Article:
The rock that blocked the single non-plundering entrance into the barrow had already been moved. The smell drifting from the tunnel was positively awful. What stupid tradition was this? Couldn't he just get a sword from someone else in the village? Why did the girls get to have theirs made fresh?
"Doesn't Great-Grandpa need the sword?" he asked in a final and desperate plea.
"Fishlegs, go," said his father.
The next breath he held against the smell. Then, in a moment of insanity left over from the near-Berserk, he entered the barrow.
Even holding his breath the stench was overwhelming. And the sight was worse. He had been given one candle, but the barrow was small and the light was plenty. The sword had to be obvious. Where would a sword be? The light bounced from the earthen walls, revealing every other weapon under the sun but no sword…
Then he saw it. He wished he hadn't seen it. It was in the hand of the rotting skeleton that had once been his great-grandfather. Fishlegs considered the fact that he should probably be feeling some sort of veneration, but he just wanted to get out of there.
"Sorry," he muttered, trying to take the hilt without touching the skeletal hand. It was impossible. And speaking made him lose his breath. The smell hit him so hard he nearly passed out. The finger bones were cold as he ripped the sword from the hand. Should he say something about how he needed it to continue the bloodline or whatever? No, he needed air. If he were cursed, he was cursed and that was all there was to it. He didn't care.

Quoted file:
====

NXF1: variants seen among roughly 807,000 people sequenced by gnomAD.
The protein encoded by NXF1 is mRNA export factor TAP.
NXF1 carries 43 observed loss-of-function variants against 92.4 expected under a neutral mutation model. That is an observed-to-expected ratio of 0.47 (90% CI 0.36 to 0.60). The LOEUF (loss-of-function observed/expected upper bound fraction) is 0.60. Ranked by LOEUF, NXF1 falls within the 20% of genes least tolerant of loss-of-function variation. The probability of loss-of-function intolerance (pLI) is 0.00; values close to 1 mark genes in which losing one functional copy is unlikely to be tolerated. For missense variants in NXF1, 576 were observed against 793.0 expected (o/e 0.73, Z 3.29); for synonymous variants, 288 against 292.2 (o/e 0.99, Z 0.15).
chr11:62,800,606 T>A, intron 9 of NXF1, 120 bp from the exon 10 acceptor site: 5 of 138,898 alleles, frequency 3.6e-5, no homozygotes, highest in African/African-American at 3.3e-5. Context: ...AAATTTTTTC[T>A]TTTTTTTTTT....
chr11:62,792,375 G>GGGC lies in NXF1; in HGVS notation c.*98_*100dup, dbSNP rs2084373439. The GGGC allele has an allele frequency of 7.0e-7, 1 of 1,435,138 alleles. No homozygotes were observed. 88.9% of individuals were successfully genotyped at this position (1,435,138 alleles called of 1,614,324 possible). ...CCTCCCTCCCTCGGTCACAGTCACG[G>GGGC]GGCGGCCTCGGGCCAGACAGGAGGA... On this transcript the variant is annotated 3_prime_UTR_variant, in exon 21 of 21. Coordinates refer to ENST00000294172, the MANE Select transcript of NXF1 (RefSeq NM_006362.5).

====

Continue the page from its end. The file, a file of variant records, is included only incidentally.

He rushed out of the barrow to the mad roar of his family. He considered holding up the sword as a trophy, but he was too busy gasping in the clean air and trying to erase the memory of touching a dead body. No one seemed to notice the lack of championship. They all slugged his shoulder and clapped him on the back. They had better be proud of them. None of them had ever had to do anything that stupid.
The sword was a mess. Rust had set in. Apparently it had not been prepared before being placed in the barrow. And it smelled like the place.
Wouldn't Ruffnut just be thrilled?
Fishlegs spent the rest of the day trying to avoid everyone. Which was difficult. Snotlout had heard about the barrow incident and instead of being duly impressed like everyone else he had taken to leaping out from behind things screaming like a draugr and then laughing about it as if it were the funniest thing in the world. Short of berserking, however, Fishlegs didn't give the best reactions and all it took was a "I hope you're next!" to shut him up.